As noted previously, federal regulations require that risks are minimized (i.e., reduced or managed).
Investigators and the IRB must determine that, to the degree possible, precautions, safeguards, and alternatives have been incorporated into the research activity to
- Limit the severity or duration of harms (i.e., magnitude of harm) and
- Reduce the likelihood harms will occur (i.e., probability of harm).
Risks may be minimized by ensuring PIs possess the requisite competence in the area being studied and have the resources necessary to safely conduct the research.
To evaluate whether other, less risky methods might yield the desirable results, IRBs assess information about the scientific rationale and experimental design underlying the proposed research and the statistical basis for the investigation.
IRBs compare effects of the experimental treatment or of receiving no treatment at all to effects of treatments that might be administered in ordinary practice.
IRBs consider whether harmful effects can be adequately detected, prevented, or treated; and whether the risks and complications of underlying diseases may be unnecessarily exacerbated by the research.
IRBs must evaluate whether the research design will yield useful data. When the sample size is too small to yield valid conclusions or an hypothesis is imprecisely formulated, participants may be exposed to risk without sufficient justification.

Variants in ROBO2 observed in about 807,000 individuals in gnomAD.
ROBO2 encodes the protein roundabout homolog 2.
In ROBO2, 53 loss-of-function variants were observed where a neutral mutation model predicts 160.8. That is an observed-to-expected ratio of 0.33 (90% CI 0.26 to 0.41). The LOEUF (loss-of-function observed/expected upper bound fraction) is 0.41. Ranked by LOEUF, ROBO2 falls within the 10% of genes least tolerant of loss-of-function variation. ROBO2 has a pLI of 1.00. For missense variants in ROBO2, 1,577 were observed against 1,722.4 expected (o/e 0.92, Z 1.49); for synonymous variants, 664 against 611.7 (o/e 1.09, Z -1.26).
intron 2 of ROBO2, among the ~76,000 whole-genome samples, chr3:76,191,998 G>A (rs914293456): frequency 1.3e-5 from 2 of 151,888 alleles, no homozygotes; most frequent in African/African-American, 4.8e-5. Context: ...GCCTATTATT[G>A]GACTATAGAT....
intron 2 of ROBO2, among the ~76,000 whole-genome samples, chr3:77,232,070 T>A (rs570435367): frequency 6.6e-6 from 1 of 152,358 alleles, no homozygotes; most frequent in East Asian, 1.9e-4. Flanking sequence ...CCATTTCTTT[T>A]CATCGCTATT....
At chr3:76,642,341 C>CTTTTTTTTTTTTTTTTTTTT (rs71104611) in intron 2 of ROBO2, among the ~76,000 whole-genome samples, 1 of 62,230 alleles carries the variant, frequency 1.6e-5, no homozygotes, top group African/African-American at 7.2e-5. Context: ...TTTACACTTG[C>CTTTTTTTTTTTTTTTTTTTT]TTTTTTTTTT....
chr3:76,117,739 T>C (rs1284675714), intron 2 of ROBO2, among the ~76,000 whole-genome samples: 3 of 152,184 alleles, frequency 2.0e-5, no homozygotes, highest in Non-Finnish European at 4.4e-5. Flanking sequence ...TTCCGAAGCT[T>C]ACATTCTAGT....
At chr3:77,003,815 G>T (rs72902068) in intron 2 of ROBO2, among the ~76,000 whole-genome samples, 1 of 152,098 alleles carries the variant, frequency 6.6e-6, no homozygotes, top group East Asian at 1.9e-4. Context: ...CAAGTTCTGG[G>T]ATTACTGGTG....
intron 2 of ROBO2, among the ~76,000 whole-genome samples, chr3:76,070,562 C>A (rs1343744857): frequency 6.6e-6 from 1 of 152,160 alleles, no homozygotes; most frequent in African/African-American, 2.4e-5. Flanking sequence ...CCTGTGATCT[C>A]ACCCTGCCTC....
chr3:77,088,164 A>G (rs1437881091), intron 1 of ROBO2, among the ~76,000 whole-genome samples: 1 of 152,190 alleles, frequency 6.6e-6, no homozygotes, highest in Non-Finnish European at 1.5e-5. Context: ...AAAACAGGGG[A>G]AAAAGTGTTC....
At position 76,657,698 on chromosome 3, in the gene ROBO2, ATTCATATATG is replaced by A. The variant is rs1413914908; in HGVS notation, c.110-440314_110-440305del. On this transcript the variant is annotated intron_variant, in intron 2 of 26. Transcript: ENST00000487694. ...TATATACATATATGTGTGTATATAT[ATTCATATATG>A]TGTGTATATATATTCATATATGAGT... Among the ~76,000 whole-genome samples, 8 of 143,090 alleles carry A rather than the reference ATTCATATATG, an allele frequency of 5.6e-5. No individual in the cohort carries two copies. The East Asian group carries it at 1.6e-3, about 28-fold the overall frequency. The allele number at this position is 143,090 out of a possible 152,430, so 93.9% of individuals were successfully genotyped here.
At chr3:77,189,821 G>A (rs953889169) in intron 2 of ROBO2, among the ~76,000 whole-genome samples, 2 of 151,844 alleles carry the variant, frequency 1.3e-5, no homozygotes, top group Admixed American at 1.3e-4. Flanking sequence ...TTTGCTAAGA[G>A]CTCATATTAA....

Investigators must be cognizant of potential conflicts that may result from serving dual roles. For example, an investigator's eagerness for a participant to continue in a research project to amass more data may conflict with her/his responsibility as the treating physician to discontinue a therapy that is not helpful or may be harmful. (See IRB policy for inherently influential recruitment situations for more information and examples about conflicting researcher roles.)
Risk is minimized by incorporating adequate safeguards into research design wherever possible. Safeguards may include
- Obtaining data from procedures performed for diagnosis or treatment instead of performing separate tests/procedures for the research;
- Excluding individuals or population groups when a specific characteristic may make participants more vulnerable to risks of a drug or procedure;
- Routinely monitoring data for patterns or problems, or to ensure a trial doesn't continue after reliable results have been obtained;
- Ensuring trained personnel are present to respond to emergencies;
- Including a mechanism to inform participants or others about an individual's involvement and treatment in a study involving single or double-blinding (e.g., giving participants a card or bracelet identifying someone who is available to break the code when necessary); and
- Coding data to protect confidentiality.